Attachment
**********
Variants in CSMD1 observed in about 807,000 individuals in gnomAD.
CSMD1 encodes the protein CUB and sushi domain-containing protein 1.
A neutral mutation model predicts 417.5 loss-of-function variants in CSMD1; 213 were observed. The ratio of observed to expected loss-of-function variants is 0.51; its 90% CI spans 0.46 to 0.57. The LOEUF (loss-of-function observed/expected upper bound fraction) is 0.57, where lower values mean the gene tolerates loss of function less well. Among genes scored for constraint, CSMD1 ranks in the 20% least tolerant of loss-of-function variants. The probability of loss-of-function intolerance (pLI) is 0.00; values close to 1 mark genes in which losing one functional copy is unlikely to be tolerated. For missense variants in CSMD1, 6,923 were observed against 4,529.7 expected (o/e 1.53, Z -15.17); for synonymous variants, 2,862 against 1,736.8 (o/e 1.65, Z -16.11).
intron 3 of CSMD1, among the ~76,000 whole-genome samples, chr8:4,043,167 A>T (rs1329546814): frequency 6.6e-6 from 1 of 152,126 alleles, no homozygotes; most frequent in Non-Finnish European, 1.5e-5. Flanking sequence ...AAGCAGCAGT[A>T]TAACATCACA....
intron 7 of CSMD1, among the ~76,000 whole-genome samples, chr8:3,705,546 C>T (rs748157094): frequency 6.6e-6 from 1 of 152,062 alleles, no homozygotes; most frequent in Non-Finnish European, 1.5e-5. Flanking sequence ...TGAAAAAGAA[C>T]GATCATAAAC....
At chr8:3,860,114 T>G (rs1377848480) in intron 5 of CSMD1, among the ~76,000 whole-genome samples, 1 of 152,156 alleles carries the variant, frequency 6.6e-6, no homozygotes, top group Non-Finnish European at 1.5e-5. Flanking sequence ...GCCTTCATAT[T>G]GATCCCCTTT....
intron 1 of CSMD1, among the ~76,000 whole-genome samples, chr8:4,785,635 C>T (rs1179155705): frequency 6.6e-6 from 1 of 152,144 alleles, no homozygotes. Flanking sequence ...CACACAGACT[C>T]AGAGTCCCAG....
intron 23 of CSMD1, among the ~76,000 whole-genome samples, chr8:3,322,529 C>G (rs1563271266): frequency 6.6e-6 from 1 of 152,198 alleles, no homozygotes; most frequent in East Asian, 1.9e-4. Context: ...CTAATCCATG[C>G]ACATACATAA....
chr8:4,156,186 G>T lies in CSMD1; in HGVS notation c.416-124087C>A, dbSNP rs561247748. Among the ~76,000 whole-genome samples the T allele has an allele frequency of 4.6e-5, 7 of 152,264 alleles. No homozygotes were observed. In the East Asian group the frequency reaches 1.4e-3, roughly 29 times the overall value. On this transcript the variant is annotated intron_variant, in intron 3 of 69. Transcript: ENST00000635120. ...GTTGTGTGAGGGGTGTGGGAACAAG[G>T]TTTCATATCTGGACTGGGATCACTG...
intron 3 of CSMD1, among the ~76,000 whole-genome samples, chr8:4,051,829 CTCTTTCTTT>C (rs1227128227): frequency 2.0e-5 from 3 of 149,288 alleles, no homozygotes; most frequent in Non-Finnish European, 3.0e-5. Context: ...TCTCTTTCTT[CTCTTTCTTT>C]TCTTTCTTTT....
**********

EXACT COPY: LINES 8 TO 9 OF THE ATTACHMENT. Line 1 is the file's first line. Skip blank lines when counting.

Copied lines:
intron 23 of CSMD1, among the ~76,000 whole-genome samples, chr8:3,322,529 C>G (rs1563271266): frequency 6.6e-6 from 1 of 152,198 alleles, no homozygotes; most frequent in East Asian, 1.9e-4. Context: ...CTAATCCATG[C>G]ACATACATAA....
chr8:4,156,186 G>T lies in CSMD1; in HGVS notation c.416-124087C>A, dbSNP rs561247748. Among the ~76,000 whole-genome samples the T allele has an allele frequency of 4.6e-5, 7 of 152,264 alleles. No homozygotes were observed. In the East Asian group the frequency reaches 1.4e-3, roughly 29 times the overall value. On this transcript the variant is annotated intron_variant, in intron 3 of 69. Transcript: ENST00000635120. ...GTTGTGTGAGGGGTGTGGGAACAAG[G>T]TTTCATATCTGGACTGGGATCACTG...